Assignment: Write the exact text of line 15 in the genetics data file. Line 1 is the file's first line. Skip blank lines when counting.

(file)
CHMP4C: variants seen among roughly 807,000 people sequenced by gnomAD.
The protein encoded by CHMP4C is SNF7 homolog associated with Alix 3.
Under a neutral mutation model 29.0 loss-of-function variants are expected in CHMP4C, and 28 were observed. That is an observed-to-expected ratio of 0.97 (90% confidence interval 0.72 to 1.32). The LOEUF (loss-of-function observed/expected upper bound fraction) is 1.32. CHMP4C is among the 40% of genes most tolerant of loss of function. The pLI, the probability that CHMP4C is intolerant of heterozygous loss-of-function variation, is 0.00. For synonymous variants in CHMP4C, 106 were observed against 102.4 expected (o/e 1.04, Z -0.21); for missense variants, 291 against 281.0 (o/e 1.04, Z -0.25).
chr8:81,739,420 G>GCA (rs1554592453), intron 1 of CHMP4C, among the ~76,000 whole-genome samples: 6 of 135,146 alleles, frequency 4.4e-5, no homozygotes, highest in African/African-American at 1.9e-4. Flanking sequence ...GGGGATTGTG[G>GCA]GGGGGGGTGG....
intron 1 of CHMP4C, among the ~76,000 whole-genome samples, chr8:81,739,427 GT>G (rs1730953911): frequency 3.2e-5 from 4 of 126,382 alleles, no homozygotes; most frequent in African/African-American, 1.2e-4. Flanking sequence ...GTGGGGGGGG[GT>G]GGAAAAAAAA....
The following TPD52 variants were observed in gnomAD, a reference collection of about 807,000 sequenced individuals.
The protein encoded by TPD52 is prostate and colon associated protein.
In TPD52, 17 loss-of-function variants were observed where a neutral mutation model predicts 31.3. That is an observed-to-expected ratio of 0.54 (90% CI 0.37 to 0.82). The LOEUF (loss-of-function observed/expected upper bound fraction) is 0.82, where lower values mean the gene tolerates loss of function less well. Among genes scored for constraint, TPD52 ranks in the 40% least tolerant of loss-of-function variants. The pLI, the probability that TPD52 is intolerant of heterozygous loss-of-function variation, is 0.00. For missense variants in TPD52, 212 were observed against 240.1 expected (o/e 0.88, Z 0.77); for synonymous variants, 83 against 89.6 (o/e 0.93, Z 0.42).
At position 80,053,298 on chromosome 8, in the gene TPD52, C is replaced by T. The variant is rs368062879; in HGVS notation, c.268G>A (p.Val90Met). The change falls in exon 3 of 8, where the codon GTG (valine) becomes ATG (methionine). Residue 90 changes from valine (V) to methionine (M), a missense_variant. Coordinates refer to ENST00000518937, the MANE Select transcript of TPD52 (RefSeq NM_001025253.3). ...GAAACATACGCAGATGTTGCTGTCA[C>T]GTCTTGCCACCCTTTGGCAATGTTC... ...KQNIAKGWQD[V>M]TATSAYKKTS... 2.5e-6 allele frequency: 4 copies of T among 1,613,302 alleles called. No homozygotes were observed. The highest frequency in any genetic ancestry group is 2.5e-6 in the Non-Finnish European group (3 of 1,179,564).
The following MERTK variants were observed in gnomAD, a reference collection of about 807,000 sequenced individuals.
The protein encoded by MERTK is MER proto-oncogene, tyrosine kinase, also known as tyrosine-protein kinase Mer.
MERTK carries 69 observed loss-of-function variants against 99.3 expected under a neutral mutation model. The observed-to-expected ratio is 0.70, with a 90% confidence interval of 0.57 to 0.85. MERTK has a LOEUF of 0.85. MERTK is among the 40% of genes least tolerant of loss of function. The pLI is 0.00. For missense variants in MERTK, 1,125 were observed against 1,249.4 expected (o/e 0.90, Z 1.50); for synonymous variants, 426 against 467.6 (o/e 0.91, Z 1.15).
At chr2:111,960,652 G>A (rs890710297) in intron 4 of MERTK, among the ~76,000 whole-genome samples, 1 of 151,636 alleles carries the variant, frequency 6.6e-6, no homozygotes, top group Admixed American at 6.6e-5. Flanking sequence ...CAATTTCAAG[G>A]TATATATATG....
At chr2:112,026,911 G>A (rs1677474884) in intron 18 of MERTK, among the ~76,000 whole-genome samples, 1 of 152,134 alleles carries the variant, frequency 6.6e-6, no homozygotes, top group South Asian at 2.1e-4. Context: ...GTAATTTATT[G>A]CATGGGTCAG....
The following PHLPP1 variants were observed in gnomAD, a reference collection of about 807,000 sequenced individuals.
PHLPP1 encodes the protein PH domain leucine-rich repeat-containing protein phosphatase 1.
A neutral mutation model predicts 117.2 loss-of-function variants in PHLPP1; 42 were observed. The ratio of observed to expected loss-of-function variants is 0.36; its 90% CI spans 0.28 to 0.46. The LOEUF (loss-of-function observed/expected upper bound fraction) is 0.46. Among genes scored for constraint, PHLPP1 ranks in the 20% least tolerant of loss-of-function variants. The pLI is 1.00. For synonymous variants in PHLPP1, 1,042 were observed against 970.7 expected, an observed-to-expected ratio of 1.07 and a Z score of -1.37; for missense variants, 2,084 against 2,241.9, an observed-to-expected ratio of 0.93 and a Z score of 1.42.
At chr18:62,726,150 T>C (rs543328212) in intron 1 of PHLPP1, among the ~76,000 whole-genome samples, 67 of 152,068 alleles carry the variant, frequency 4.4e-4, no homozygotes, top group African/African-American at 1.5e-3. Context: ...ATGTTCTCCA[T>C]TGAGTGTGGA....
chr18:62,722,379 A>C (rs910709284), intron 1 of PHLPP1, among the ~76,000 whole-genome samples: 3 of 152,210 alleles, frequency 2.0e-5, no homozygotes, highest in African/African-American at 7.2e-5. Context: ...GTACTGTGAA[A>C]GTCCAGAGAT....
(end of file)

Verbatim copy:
The following PHLPP1 variants were observed in gnomAD, a reference collection of about 807,000 sequenced individuals.